Second, most plants do well in raised beds. As you mention that you are a beginner, we think that you would like this video on How to Use Raised Beds in Your Garden. Click here:
All the best with your beginner gardener, the OFA editors

If you are worried about

If you are worried about toxic soil, you could make a tote garden. There are diretions on how to do this on utube. It is simple, recycles materials, saves water, no weeds, and even helps keep the bugs out(at least the ones you dont want). Just be sure to get the right soil for the plants you want to grow. I find that red totes are great for tomatoes and peppers.

hello , this site is

hello ,
this site is beautifull and organized
at the same time is simple
i hope i can make best benefit out of it

I tried to rekindle an old

I tried to rekindle an old garden area that was no longer productive. I took two years adding and tilling in compost matter. On the third year, I tilled up and planted in this area. The plants thrived for the first couple weeks with my late afternoon watering. At the first good rain, the plants were overtaken immediately by weeds. For the remainder of the year, none of my plants could be seen due to the excellent weed growth. Is there any good way to rid such a garden of weeds that grow so rapidly without harming the vegetables?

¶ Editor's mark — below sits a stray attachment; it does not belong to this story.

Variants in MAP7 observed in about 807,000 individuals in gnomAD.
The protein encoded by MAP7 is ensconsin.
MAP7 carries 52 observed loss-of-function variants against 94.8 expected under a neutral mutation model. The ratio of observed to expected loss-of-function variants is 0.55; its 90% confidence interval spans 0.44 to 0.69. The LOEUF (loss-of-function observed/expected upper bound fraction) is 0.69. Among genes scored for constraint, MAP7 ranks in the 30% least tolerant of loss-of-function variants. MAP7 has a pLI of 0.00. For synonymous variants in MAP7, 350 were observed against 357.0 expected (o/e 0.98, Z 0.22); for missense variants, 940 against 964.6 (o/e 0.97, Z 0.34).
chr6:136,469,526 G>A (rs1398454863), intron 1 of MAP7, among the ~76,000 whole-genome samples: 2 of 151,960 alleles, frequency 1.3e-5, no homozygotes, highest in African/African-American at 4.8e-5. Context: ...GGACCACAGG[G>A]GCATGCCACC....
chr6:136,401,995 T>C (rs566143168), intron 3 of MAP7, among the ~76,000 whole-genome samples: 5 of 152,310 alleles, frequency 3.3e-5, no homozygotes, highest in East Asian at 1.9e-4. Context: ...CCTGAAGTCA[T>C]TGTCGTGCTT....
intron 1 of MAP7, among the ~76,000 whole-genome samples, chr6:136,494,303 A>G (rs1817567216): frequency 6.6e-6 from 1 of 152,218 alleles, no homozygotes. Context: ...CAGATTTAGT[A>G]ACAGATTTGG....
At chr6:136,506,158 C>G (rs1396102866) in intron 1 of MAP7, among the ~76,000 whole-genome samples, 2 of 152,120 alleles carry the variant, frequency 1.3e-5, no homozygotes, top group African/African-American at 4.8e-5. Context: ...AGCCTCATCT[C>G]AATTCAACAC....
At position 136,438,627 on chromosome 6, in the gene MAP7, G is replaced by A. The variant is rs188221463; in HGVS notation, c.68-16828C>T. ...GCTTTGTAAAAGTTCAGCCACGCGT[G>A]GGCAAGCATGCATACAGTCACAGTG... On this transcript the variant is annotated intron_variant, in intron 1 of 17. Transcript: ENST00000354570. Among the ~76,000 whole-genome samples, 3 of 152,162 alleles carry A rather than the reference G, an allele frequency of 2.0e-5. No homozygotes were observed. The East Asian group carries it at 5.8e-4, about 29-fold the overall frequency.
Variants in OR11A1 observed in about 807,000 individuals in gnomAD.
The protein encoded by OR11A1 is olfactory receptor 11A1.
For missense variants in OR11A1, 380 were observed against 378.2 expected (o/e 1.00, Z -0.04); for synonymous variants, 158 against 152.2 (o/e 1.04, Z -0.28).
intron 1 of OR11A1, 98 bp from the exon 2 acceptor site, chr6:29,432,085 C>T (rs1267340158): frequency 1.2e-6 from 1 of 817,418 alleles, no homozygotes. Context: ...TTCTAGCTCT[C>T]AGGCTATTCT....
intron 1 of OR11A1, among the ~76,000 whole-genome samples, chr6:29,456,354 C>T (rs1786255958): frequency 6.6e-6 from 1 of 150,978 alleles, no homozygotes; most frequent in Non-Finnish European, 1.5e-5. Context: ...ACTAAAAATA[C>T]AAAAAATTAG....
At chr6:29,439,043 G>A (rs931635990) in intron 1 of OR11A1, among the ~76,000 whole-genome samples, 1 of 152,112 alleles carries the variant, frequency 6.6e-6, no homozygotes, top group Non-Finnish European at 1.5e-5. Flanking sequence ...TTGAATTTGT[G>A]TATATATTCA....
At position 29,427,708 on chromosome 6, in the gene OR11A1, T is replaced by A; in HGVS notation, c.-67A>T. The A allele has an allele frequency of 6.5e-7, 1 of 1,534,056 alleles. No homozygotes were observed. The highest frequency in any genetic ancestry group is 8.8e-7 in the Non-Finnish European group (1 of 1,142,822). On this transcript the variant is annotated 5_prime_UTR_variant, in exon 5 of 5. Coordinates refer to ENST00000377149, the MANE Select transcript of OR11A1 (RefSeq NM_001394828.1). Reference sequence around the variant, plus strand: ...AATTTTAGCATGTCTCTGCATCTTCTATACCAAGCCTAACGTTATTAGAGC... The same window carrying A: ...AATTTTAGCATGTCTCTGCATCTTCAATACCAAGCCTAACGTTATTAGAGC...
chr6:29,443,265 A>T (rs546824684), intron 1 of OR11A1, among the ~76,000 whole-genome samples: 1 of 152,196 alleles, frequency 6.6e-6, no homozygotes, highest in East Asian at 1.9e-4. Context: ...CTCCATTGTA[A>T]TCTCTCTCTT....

Instead of worrying about

Instead of worrying about weeds or trying pull them all so that your plants will thrive, have you tried adding 3" to 4" of mulched leaves or dried lawn clipping lawn around them to smother weeds? You may want to water earlier in the day. I never suggest sprinkler water for a vegetable garden and watering just around you veggies will keep water from the 1,000's of years of weed seed in the soil. That will allow the plants to have the water they need during the warmest part of the day.

We just bought a new house.

We just bought a new house. It has an area near the house that I am turning into a garden. The problem is it is covered in weeds. Not very tall but some are viney. What is the best way to get rid of the weeds without poisoning my soil? I will remove a lot by hand but any easier ways and/or preventing them from coming back?